Hyundai to Charge into Electric Era with EV Platform E-GMP
Hyundai Motor Group has unveiled its new Electric-Global Modular Platform, a dedicated battery electric vehicle platform. Revealed
Hyundai Motor Group has unveiled its new Electric-Global Modular Platform, a dedicated battery electric vehicle platform. Revealed online during an E-GMP Digital Discovery event, the platform will serve as the core technology for Hyundai Motor Group’s next-generation BEV line-up. From 2021, the E-GMP will underpin a range of dedicated new BEVs, including Hyundai Motor Company’s IONIQ 5; Kia Motors Corporation’s first dedicated BEV to be revealed in 2021; and a series of other models.
Designed exclusively for BEVs, E-GMP provides various advantages compared to the Group’s existing platforms, which have each been engineered predominantly to accommodate internal combustion engines. Benefits include increased development flexibility, powerful driving performance, increased driving range, strengthened safety features, and more interior space for occupants and luggage.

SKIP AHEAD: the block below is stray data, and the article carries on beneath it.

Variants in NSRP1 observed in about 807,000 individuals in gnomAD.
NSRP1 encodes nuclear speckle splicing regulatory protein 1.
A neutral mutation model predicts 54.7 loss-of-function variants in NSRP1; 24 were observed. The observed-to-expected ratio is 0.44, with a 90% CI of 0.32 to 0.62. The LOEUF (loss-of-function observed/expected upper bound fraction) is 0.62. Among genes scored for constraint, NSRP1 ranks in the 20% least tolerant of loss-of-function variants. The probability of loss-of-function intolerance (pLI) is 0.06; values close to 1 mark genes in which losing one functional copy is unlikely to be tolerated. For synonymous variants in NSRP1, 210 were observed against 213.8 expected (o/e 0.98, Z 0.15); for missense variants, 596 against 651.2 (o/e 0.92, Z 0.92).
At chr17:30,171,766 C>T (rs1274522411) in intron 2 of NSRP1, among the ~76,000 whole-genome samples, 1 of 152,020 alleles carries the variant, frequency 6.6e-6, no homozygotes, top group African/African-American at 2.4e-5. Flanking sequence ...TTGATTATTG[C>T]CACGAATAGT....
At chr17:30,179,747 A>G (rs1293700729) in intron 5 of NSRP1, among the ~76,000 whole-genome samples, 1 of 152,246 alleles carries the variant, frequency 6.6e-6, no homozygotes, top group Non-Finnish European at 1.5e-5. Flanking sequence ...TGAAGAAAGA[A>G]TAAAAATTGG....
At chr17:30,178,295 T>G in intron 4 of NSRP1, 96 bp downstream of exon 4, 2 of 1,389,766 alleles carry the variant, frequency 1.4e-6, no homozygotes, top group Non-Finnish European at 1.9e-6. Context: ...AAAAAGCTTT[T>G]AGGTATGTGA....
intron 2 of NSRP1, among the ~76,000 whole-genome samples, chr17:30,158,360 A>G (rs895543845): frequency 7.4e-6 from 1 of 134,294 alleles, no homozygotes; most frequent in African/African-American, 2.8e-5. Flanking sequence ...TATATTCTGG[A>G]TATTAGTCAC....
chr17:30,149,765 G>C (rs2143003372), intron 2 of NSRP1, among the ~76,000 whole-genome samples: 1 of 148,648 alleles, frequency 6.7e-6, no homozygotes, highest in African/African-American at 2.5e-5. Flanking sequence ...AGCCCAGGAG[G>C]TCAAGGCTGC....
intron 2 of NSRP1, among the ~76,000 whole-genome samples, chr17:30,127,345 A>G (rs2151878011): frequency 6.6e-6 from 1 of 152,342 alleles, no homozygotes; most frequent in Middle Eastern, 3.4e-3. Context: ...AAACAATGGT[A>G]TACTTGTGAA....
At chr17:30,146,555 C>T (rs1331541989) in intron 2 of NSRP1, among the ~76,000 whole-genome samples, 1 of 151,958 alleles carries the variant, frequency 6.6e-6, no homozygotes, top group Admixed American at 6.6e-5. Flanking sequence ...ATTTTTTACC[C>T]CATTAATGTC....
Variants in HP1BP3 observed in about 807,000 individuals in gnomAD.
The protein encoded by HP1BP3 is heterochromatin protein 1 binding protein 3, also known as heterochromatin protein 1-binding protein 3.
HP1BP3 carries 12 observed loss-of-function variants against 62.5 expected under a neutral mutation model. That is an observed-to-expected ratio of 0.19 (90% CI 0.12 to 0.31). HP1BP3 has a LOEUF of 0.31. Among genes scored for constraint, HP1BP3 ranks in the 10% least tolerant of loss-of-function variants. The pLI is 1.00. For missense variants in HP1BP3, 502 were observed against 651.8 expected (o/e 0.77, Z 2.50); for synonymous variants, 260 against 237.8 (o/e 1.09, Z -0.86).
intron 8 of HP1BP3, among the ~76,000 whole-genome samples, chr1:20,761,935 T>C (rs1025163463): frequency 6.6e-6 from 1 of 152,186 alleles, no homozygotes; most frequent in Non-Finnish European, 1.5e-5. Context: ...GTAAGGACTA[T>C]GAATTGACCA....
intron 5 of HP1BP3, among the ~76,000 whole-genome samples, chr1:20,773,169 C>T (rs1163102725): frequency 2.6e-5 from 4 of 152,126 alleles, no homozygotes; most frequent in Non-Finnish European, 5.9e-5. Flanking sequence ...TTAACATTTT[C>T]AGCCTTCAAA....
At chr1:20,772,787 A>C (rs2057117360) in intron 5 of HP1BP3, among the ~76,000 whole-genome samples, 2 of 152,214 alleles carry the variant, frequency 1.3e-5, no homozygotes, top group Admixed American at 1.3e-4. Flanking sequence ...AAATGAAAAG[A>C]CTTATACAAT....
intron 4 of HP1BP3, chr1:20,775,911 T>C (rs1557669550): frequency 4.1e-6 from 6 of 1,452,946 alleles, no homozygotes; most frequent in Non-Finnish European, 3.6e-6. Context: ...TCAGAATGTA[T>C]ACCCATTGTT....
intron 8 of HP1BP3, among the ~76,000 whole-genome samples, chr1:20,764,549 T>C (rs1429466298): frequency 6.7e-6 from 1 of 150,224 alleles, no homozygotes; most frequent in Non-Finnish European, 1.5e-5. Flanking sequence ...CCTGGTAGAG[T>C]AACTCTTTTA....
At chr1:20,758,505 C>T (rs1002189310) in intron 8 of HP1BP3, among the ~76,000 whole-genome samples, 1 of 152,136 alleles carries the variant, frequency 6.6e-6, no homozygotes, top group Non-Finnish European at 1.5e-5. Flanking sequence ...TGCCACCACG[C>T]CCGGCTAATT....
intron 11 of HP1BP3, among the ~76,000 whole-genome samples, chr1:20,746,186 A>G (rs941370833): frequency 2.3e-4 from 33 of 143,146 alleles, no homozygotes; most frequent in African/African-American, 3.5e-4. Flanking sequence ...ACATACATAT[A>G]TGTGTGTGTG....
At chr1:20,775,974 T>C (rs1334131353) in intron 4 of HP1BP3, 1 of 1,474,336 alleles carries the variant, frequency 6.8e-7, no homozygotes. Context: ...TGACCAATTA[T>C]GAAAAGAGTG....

E-GMP reduces complexity through modularization and standardization, allowing rapid and flexible development of products which can be used across most vehicle segments, such as sedans, SUVs and CUVs. Moreover, flexible development can satisfy various customer needs for vehicle performance. Among these, a high performance model will accelerate from zero to 100kph in less than 3.5 seconds and achieve a maximum speed of 260km/h.
E-GMP will be highly effective in expanding the Group’s EV leadership position as it will enable the company to enlarge its EV line-up over a relatively short period through modularization and standardization.
Designed for Driving Performance, Safety and Maximized Space
E-GMP is engineered to offer improved cornering performance and driving stability at high speed. This is due to optimal weight distribution between front and rear, a design which enables a low center of gravity thanks to its low-mounted battery pack, and the adoption of electric motors located in the space previously occupied by an engine.